Wednesday, December 31, 2014

Playing with concurrency and performance in Java and Node.js

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Imagine a simple market where buyers and sellers interested in the same product come together to trade. For each product in the market, buyers interested in the product could form an orderly queue, sorted on a "first come, first serve" basis. Each buyer could then approach the cheapest seller and trade, purchasing as much of the product from the seller as they wish for the price dictated by the seller. Should no seller be offering the product at a price low enough, the buyer could step to the side, giving the next buyer the opportunity to trade. Once all buyers have had the chance to make a trade, and after all products in the market have been through the cycle, the whole process can start again, after satisfied buyers and sellers leave and new ones take their place. In the internet age, there is no reason why buyers and sellers could not trade on a virtual platform, using this type of algorithm, from the comfort of their armchair. Indeed, trading platforms like this have existed for many years.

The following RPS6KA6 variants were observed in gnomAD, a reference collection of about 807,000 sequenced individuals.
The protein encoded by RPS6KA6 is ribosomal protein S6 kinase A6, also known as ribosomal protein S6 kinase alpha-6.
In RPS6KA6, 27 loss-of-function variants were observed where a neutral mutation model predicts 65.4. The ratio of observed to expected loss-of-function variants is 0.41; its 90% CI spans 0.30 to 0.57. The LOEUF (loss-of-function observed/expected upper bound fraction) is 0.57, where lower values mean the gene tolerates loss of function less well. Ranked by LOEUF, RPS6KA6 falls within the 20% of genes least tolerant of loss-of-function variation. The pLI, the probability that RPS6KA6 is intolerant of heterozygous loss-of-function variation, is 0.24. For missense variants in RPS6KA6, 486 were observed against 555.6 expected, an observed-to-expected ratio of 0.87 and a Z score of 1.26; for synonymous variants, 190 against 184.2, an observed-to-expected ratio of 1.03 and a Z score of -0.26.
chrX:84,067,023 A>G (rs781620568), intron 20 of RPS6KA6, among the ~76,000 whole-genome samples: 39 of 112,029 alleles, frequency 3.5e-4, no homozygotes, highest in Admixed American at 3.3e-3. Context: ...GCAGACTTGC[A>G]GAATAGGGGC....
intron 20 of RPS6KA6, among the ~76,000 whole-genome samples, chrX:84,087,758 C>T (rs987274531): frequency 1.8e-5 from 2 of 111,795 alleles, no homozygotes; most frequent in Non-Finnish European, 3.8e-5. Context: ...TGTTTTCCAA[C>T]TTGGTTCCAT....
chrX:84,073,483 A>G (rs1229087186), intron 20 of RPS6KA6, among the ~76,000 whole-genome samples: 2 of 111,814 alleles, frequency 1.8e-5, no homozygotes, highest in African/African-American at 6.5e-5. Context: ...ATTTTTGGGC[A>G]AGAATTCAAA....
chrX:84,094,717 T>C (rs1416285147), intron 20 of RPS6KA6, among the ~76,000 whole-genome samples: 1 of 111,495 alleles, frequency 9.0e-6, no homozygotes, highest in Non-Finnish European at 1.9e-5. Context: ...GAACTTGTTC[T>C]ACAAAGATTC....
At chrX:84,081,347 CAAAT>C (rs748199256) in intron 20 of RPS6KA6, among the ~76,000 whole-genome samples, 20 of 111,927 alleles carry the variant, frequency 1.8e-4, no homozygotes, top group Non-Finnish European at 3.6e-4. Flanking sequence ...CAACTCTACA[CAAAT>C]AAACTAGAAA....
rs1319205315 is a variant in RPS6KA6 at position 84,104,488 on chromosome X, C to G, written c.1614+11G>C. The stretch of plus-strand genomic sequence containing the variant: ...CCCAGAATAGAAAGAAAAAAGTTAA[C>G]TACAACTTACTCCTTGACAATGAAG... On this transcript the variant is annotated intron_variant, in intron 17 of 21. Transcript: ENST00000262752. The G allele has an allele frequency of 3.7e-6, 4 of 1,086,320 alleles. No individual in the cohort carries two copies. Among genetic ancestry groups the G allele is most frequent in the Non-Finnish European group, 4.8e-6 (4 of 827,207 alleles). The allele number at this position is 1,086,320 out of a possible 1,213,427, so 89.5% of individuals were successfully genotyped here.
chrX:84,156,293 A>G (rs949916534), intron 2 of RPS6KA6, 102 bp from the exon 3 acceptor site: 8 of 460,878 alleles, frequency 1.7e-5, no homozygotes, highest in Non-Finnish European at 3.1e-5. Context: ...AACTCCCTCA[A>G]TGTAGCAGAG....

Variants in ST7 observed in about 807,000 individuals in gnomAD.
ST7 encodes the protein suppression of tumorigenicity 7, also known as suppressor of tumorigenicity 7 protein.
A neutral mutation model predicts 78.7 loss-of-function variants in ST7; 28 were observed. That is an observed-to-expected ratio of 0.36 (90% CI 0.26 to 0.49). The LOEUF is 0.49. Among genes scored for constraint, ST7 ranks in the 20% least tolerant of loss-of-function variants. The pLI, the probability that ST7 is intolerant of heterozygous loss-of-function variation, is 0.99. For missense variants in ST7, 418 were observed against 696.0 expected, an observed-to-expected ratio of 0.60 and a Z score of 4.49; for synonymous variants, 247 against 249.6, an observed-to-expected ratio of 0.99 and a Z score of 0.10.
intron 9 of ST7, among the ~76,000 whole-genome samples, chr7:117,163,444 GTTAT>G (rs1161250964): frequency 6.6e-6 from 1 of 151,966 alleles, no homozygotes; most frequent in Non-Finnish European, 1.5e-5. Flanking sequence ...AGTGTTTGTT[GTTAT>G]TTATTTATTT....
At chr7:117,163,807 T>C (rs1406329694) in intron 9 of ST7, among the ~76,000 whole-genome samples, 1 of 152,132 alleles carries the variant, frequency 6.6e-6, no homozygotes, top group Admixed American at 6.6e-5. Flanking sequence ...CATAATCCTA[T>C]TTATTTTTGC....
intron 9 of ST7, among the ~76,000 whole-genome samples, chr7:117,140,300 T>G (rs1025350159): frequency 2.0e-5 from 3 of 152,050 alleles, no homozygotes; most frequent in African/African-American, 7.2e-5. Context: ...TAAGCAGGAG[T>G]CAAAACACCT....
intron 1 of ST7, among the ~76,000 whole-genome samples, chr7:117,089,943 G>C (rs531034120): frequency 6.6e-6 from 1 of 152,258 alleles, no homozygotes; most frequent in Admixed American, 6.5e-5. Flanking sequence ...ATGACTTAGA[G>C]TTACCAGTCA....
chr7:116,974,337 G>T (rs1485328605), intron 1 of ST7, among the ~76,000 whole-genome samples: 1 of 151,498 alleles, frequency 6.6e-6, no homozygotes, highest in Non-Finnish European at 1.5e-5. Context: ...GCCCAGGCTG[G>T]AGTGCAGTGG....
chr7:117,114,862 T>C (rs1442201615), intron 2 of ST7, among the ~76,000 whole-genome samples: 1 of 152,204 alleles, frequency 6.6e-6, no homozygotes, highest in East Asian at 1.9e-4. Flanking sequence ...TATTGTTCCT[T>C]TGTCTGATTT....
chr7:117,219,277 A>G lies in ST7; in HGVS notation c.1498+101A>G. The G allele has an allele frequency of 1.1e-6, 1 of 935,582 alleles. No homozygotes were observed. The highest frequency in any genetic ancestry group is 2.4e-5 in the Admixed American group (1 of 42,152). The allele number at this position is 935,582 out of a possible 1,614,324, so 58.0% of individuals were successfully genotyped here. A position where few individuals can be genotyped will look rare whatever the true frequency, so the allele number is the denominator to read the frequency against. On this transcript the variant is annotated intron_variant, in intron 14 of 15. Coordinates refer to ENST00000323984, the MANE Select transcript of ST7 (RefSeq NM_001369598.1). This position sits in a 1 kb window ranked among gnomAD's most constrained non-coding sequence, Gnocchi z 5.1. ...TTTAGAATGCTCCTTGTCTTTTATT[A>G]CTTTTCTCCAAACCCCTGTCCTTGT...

While basic, this type of problem becomes interesting when used to build a computer based trading engine. Simple questions pose challenges:

  • How could the market scale up across multiple cores? 
  • How could the market scale out across multiple machines?

Inherently, the answers boil down to requiring some form of concurrency so that such a trading engine can scale. Typically I would jump into writing a Java based solution using perhaps an execution pool and the synchronized keyword to ensure that multiple threads updated the central model in an orderly fashion.

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